The Redmans write about the importance of remembrance in difficult times.  When God seems distant and the circumstances seem overwhelming, we remember who God is and how He has worked in our lives in the past.  Since God never changes, the past faithfulness of God in our lives serves as a reminder of His continuing faithfulness to us in the challenging circumstances that we are facing.

Throughout difficult times, the Redmans also call their readers to rest in God’s plan and control.  God has a plan that He is working in the lives of His people for His glory and their good.  It is by clinging to the bigger story that God is writing with our lives that we have hope in hard times.

Since our lives are fortunately not constant paths of suffering, the Redmans write about the importance of praise in the good times.  When times are going well, we must live from a posture of constant thankfulness.  In this posture, we acknowledge that all good things are gifts from God that we should return to Him through our praise and our service.

Finding God in the Hard Times is a short and hope-filled book that will encourage any believer walking through times of suffering.  Through personal narrative and letters from others, the Redmans give us encouragement that God is in control and that hope still exists.  The small group questions included at the end of each chapter also make this a good resource for a small group to walk through together.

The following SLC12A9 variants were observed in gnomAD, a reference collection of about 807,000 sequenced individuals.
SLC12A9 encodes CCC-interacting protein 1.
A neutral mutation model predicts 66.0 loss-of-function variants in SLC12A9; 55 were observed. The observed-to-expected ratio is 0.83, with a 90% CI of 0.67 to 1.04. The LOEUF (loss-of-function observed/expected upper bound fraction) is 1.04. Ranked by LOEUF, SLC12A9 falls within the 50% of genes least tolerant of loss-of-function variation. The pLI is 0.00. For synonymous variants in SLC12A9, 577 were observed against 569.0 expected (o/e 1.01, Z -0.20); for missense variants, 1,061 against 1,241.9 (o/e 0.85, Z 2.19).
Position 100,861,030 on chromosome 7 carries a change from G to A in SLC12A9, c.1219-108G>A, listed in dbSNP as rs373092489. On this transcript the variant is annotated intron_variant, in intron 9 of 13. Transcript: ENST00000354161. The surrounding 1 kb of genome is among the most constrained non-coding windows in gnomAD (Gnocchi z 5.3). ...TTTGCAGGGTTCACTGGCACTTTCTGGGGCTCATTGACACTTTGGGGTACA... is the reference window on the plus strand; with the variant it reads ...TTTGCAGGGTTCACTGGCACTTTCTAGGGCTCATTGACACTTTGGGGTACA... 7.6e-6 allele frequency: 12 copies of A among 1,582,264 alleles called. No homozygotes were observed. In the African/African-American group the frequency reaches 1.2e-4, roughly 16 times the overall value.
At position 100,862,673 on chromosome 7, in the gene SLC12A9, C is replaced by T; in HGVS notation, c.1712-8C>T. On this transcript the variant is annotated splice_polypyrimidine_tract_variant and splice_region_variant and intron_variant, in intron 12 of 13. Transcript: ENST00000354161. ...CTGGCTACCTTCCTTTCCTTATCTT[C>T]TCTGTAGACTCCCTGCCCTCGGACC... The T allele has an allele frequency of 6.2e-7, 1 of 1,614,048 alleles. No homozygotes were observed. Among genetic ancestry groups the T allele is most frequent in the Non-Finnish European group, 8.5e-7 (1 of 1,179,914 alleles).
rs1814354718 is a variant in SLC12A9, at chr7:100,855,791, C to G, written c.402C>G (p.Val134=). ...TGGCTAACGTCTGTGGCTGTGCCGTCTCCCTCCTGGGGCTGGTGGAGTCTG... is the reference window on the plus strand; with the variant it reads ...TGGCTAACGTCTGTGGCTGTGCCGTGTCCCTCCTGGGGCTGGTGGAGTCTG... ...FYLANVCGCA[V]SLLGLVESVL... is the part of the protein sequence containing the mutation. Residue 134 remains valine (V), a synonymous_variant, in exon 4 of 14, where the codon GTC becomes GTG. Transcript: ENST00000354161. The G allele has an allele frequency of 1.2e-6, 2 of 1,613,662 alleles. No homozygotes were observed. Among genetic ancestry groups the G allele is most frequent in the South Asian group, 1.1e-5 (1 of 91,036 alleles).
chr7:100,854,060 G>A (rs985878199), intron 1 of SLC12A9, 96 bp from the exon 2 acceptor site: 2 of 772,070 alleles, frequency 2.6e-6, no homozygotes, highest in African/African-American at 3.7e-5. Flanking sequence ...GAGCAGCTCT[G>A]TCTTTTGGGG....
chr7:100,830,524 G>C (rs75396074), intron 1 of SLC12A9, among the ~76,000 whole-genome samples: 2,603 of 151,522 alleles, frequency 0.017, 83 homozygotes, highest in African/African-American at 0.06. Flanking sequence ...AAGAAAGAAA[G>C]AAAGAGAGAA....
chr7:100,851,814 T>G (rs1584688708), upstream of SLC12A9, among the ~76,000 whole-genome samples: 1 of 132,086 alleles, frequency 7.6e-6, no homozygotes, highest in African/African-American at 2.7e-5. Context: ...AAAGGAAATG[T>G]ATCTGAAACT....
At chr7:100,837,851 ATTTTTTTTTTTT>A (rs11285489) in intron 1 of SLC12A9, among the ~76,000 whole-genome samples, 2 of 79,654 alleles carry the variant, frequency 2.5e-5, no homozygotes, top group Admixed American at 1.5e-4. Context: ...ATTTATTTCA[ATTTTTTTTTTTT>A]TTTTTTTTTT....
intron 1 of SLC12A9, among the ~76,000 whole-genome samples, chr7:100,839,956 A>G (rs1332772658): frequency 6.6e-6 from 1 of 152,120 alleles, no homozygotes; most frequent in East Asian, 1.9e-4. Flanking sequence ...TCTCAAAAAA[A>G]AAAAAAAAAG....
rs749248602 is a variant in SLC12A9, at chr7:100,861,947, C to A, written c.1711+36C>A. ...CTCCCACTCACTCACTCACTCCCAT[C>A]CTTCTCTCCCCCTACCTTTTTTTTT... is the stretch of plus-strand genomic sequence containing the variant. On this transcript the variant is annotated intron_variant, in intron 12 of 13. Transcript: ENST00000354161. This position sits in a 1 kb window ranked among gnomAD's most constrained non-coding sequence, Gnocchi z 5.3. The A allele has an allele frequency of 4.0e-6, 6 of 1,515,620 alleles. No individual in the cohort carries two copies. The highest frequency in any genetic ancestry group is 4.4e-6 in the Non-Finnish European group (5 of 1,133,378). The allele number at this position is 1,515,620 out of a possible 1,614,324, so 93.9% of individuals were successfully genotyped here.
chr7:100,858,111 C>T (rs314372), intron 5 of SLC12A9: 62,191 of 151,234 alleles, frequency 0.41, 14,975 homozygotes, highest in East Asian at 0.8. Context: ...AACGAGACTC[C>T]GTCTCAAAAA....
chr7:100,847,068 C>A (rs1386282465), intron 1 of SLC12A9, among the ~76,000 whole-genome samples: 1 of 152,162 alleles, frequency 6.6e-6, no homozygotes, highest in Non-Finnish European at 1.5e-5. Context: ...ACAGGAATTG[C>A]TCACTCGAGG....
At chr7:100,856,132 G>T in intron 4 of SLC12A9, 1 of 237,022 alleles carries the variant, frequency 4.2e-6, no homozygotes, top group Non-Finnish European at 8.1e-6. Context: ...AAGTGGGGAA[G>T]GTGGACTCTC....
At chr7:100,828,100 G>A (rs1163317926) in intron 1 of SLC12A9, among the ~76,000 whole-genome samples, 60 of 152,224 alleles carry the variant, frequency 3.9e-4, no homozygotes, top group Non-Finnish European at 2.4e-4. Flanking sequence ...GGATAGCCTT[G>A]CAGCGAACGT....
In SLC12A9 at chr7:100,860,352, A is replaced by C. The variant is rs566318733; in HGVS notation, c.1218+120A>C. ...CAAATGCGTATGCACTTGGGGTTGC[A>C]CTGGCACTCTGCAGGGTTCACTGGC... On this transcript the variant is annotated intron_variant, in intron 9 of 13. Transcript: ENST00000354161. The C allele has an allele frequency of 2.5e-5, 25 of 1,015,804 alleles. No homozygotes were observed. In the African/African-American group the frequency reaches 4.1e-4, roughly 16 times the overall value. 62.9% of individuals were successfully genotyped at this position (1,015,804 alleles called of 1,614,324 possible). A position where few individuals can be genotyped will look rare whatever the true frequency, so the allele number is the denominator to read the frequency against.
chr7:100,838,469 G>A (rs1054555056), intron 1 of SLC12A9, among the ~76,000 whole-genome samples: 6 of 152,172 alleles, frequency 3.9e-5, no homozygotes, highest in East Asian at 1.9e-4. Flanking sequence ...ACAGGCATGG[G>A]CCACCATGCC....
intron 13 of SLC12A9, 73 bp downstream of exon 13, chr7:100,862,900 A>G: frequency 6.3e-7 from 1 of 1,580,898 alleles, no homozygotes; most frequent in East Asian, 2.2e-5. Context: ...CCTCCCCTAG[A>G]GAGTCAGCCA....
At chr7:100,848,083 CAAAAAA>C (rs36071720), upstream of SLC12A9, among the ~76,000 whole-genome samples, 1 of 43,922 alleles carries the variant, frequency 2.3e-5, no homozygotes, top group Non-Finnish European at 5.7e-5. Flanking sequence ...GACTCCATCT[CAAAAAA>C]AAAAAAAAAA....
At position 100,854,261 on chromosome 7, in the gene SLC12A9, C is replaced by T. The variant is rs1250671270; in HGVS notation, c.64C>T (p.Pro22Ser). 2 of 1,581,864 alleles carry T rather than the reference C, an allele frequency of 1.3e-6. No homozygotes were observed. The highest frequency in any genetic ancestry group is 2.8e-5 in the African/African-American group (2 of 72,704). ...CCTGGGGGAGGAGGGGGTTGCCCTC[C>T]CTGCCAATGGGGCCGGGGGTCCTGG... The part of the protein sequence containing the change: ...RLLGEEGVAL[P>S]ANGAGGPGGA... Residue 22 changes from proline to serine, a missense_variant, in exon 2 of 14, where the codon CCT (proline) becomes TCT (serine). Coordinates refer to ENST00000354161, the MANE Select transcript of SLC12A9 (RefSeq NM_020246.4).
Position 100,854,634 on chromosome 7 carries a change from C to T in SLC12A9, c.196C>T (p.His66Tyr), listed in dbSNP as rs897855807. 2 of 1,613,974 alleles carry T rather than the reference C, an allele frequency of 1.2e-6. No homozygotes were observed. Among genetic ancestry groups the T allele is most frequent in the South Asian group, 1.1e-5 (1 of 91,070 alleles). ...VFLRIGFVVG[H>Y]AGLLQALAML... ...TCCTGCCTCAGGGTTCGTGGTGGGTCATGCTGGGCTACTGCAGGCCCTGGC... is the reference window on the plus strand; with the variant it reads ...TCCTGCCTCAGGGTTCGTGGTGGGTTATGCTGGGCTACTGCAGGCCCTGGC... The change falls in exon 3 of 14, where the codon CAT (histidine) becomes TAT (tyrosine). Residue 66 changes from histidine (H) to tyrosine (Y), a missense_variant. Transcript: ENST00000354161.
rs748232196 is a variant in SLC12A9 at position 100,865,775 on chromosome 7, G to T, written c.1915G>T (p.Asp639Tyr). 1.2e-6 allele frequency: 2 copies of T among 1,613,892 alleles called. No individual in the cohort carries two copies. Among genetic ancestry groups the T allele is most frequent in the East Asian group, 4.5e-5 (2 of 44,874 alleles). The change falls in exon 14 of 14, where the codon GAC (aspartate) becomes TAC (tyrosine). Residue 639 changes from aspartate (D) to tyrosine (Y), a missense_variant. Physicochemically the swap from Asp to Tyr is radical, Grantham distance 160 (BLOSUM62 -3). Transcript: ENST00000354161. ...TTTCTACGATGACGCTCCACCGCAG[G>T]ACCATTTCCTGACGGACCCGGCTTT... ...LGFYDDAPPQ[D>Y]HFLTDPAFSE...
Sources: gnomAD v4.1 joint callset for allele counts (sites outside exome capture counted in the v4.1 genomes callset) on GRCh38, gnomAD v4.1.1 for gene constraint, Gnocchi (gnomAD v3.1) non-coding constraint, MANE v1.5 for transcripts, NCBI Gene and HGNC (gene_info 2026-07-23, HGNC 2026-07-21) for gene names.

Book Review: Critical Conversations by Tom Gilson

Critical Conversations

Parents and youth leaders constantly face the challenge of communicating timeless biblical truths to students in the midst of a world that constantly stands against these biblical truths.  There is no topic as front and center in this need for important conversations that the topic of homosexuality.  Our culture constantly teaches against a biblical sexual ethic and many times celebrates people’s personal sexual expression no matter how contrary to the biblical ethic it may be.  Into these challenging conversations between parents, youth leaders, and students, Tom Gilson presents a helpful resource titled Critical Conversations: A Christian Parent’s Guide to Discussing Homosexuality with Teens.